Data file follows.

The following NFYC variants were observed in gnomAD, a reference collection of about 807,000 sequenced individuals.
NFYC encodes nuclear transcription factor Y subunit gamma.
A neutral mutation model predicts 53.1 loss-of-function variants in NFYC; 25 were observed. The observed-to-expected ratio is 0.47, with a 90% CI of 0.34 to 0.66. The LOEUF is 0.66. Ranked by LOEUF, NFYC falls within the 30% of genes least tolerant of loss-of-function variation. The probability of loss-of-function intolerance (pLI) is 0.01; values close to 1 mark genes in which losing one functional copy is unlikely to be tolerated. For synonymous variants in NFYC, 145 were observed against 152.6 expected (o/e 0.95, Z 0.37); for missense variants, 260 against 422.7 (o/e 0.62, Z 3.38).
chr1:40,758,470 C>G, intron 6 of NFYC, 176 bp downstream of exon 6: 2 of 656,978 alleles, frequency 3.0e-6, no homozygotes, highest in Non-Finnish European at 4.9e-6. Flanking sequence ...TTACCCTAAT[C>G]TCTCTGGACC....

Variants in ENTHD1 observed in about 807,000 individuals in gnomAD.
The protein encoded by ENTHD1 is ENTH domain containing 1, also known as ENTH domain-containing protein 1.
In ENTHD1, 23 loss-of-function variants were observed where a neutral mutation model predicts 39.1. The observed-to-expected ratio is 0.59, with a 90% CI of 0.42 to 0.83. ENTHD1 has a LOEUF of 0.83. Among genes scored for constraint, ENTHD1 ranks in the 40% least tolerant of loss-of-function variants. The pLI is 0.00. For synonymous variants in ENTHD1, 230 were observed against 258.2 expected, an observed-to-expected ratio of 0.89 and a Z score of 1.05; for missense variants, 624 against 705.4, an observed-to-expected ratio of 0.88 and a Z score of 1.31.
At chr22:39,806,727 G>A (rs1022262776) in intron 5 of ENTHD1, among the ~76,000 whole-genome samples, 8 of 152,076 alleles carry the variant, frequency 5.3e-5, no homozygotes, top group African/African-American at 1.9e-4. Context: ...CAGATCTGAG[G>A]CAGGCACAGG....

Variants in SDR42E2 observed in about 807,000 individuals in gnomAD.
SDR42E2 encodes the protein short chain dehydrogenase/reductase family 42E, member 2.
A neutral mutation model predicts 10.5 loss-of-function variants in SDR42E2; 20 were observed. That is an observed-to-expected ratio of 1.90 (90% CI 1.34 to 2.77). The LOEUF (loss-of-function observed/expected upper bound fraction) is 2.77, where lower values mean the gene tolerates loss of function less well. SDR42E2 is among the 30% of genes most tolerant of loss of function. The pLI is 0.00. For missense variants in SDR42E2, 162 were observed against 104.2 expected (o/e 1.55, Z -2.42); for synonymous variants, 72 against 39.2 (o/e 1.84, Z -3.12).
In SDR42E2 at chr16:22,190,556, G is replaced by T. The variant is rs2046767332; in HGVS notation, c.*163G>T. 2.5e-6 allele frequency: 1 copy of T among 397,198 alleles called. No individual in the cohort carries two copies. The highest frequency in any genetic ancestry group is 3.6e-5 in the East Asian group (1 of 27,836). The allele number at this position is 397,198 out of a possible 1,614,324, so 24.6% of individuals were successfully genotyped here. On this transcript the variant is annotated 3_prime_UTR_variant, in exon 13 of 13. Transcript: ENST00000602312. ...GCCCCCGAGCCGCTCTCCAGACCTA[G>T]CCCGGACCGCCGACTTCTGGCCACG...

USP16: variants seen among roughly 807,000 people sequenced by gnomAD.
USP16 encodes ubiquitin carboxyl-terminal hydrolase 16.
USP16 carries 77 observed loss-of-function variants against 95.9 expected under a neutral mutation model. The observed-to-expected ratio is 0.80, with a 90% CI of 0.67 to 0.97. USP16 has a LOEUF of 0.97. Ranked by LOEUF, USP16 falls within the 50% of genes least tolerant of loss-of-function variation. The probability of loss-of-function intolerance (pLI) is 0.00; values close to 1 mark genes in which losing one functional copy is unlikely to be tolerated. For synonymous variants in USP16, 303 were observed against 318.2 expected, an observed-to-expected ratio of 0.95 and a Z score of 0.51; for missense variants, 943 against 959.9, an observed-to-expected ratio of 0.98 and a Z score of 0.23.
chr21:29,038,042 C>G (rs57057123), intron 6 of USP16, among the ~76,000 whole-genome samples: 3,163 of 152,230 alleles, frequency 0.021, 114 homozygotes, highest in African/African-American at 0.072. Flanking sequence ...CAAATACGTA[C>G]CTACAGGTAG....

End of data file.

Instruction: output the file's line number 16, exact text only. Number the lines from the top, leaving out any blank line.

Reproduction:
chr21:29,038,042 C>G (rs57057123), intron 6 of USP16, among the ~76,000 whole-genome samples: 3,163 of 152,230 alleles, frequency 0.021, 114 homozygotes, highest in African/African-American at 0.072. Flanking sequence ...CAAATACGTA[C>G]CTACAGGTAG....